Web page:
During 2016, six of the ten leading seaport performers above were from the West Coast. Other standouts continued to include the Northwest Seaport Alliance, Oakland and Lazaro Cardenas. The majority of West Coast seaports witnessed solid export performance between 3 to 10 percent with exceptions being Long Beach and Prince Rupert with flat to negative 31 percent performance. All West Coast seaports witnessed substantial declines in imports between 25-30 percent.

For the East Coast, Baltimore and Miami followed by Virginia continued to perform strongly through the first quarter. Most East Coast seaports witnessed strong declines for both imports and exports during March between 5 and 14 percent, with Charleston, Savannah and Montreal being exceptions. Charleston witnessed strong import growth near 7 percent while Savannah witnessed marginal export growth of 1 percent. Montreal witnessed marginal overall import/export growth near 1 percent.

All seaports on the Gulf Coast witnessed moderate improved container traffic during March with the exception being Houston. Houston witnessed strong declines for imports of 12 percent and moderate growth in exports of 3 percent.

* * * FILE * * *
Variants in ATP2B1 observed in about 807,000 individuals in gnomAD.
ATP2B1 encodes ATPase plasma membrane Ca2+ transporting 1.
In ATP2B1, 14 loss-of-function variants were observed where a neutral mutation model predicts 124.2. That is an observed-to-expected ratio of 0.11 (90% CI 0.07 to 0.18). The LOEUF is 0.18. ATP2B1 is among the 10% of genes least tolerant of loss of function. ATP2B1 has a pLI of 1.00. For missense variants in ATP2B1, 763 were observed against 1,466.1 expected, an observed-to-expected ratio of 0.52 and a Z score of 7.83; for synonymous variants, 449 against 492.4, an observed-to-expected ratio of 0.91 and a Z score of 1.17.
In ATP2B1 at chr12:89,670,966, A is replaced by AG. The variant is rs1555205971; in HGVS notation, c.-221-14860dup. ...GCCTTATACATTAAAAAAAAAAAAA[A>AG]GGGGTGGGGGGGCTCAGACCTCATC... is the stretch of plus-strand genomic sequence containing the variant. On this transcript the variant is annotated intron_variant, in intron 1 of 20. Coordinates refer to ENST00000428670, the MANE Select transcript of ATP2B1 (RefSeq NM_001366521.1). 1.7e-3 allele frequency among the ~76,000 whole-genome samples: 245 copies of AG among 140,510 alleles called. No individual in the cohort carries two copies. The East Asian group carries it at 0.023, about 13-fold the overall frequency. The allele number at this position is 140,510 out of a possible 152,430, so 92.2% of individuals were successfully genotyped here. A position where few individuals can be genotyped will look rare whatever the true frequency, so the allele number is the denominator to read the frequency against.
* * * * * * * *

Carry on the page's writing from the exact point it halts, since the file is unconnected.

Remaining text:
The most important number from the table above was the comparison of container traffic during the first two months of 2016 versus the overall first quarter. Excluding the seaports of Everglades and Jacksonville, total TEU traffic was up 4 percent through March 2016. The two excluded seaports reflected around 2 million TEUs during 2015 fiscal years, or about 3.5 percent of the 2015 total.

This performance is a clear indication that the decline in West Coast TEU traffic driven by the 2014/2015 strikes was not the only impact for reduced traffic. All major seaports for each region witnessed substantial weakness.

Comparatively, Class I rail operator container traffic has been provided below to only include the first three months of 2016, through week 13. Based on this information, it is clear to see that BNSF (NYSE:BRK.B), Norfolk Southern (NYSE:NSC), CSX (NASDAQ:CSX) and Canadian National (NYSE:CNI) have continued to outperform their peers. However, it is also clear that each of these leaders have witnessed substantial declines in container traffic, which was prevalent across all Class I rail operators.

Source: Class I weekly intermodal traffic

Through February 2016, not one Class I rail operator witnessed negative container traffic. Through the first quarter, Union Pacific (NYSE:UNP), Kansas City Southern (NYSE:KSU) and Canadian Pacific (NYSE:CP) all witnessed negative performance. The remaining positive performers saw their percentage performance decline between 26 to 82 percent. These outliers were led by Norfolk Southern and Canadian National, while BNSF and CSX witnessed declines of nearly 50 and 60 percent respectively.